Thursday, June 6, 2013

The Nose Don't Lie

Over the last few years, Alison and I have become enamored with our noses. As it turns out, oxygen moves in through your nose, which is quite a handy feature for us endurance folk. Certainly everyone who has ever run, biked, skied, or swam with a head cold knows the perils of shutting your nose out of the process of aerobic respiration: you get fatigued quicker and your pulse rate increases.

But until recently, I never imagined my nose would guide me in a methodical way with my endurance training. It all started two winters ago; while traveling on racing trips I would usually get out the door in the evenings for a 30 minute light jog. I've found a nice run in the evening really loosens me up and flushes out whatever junk I acquired over the course of the day, whether from traveling, racing, or sitting around in a hotel room watching America's Next Top Mode...err, American Choppers. Anyway, a few seasons back I started doing these runs with my mouth closed. Initially it was because I was in central Maine or Northern Wisconsin in early January and the thermometer had a hard time cracking double digits, and I wanted to preserve my lungs somewhat. Breathing through my nose warmed the air more before it got into my lungs, saving me from hacking myself to sleep later that night. I found through this method that I could still run pretty darn quickly; I figured I could run as fast as I wanted with my mouth closed, because I would be inherently limited in that I could only bring in a certain amount of oxygen when only my nose was the conduit. This led to these evening runs being pretty quick.

I kept this up through the end of the season, and when I started my spring training that next May, I found my running pace during longer runs was indeed quite a bit faster. I did some research and talked with my coach about my findings. Turns out, what I had stumbled onto in a rather bumbling manner (isn't that how most training methods are discovered?) is what physiologists call your Aerobic Threshold (AeT). Essentially, this is the point below which you are in a fully aerobic state of metabolism: lots of oxygen coursing through your system, and your respiratory rate can handle the offloading of the CO2 which is produced through your body's metabolic processes, without trouble. Above this AeT however, you slowly begin accumulating lactate in your bloodstream as your respiration can no longer effectively expire the CO2 being produced and a higher degree of glycolysis (carbohydrate metabolism) must ensue to meet the workload. Don't sweat the science too much.

My mistake in these early explorations was believing that the limiting factor in nose-breathing was my nose's ability to INSPIRE fresh oxygen, when in fact the real limiter was its ability to EXPIRE the CO2 from my body. What this nosebreathing "threshold" (i.e., the upper-most intensity you can train while only breathing through your nose) then represents, is your Aerobic Threshold: the point at which your body can no longer maintain a fully-aerobic state of metabolism, and it must shift to a higher degree of glycogen metabolism. Pretty groovy, huh? You can use your nose in place of a $400 lactate meter, or a $20,000 ventilation analyzer, and it's damn near as accurate. Point in fact: when I got my testing done at Seattle Performance Medicine this spring, they marked my AeT (by ventilatory data) at 162bpm; I had been operating on the premise (based on field data by nosebreathing) that it was 165bpm - quite close!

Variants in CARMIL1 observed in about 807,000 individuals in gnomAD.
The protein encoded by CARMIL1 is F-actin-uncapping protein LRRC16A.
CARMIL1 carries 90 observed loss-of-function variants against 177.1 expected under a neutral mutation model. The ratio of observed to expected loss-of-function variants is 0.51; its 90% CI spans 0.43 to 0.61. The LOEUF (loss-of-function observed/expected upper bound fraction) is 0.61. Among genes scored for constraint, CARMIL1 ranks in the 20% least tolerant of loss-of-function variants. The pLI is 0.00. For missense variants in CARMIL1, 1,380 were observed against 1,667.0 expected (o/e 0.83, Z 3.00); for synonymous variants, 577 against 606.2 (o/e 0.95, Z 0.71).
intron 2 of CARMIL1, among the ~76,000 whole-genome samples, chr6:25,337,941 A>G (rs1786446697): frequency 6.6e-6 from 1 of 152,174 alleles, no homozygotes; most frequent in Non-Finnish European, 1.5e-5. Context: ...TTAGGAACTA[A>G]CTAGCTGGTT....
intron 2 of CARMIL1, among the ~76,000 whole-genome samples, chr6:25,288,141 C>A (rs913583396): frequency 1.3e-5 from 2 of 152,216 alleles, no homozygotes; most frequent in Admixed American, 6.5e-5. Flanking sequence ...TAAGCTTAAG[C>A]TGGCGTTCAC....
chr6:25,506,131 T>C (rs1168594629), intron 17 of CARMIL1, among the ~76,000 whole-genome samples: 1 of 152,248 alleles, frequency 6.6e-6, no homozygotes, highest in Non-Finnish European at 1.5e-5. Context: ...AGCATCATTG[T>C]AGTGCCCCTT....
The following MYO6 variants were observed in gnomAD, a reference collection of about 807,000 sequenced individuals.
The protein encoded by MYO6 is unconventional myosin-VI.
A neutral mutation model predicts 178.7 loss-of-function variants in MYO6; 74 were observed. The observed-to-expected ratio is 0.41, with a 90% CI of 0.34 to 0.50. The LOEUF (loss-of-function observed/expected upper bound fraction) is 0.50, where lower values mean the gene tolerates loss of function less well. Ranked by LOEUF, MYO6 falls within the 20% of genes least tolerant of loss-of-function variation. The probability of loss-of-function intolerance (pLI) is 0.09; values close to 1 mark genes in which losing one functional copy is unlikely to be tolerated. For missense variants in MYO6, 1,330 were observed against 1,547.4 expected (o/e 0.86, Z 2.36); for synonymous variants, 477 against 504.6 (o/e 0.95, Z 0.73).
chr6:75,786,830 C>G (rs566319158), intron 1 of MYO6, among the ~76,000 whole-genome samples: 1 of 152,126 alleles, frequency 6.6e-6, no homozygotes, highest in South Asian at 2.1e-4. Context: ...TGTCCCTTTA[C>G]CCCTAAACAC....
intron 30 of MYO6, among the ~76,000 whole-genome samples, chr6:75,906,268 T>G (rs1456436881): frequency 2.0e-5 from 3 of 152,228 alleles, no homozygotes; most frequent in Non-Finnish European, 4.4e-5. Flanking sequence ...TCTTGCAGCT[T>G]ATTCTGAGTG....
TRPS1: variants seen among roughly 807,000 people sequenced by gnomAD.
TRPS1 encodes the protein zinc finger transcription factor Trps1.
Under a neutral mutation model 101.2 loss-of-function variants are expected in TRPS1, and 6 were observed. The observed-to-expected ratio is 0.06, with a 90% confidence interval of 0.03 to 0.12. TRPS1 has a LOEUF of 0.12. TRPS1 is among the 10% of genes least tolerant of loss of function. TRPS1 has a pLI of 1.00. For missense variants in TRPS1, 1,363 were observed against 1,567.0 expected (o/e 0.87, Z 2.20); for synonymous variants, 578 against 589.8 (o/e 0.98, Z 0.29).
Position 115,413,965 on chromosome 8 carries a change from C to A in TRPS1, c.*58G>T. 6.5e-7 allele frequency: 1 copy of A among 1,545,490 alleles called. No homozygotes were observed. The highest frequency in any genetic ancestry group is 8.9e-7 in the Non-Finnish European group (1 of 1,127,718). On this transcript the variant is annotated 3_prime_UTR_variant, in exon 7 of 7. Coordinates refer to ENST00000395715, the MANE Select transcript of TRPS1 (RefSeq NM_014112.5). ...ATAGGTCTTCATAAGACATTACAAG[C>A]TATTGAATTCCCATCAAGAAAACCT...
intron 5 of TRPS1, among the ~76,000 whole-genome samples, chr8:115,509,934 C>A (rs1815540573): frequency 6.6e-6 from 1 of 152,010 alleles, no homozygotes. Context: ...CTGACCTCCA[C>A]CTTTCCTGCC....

So why is all this useful for the endurance athlete? Spending a significant amount of time at or near your aerobic threshold will allow you to train faster and harder while still maintaining very low amounts of lactate in your blood. And it improves with time and efficiency! Imagine this: today you can run a 9:30min/mile for an 8-mile run; in other words, that's your sustainable "aerobic" pace. But what if you could run that same eight miles at an 8:30min/mile pace, or faster, for the same effort? Interval and high intensity training have one major flaw: you can only do small portions of them, on the scale of 10-15% of your total training volume. But AeT training can occupy a much larger portion, and the returns are probably much greater for the average endurance enthusiast.

How do I gets myself a piece of this magic formula, you ask? First, go out for a run/bike/ski, and close your mouth. Now find the pace you can sustain while only breathing through your nose. Don't fudge it; you shouldn't be breathing overly-rapid or in a ragged way during this - it should be even, sustainable breaths. Chances are this pace will be slower than you're hoping for, but have faith. If you do some nosebreathing training every week (start with 30-40% of your total volume, and increase it with time and comfort), you'll see rapid improvements. Soon, for the same amount of aerobic energy you'll be going farther and faster!

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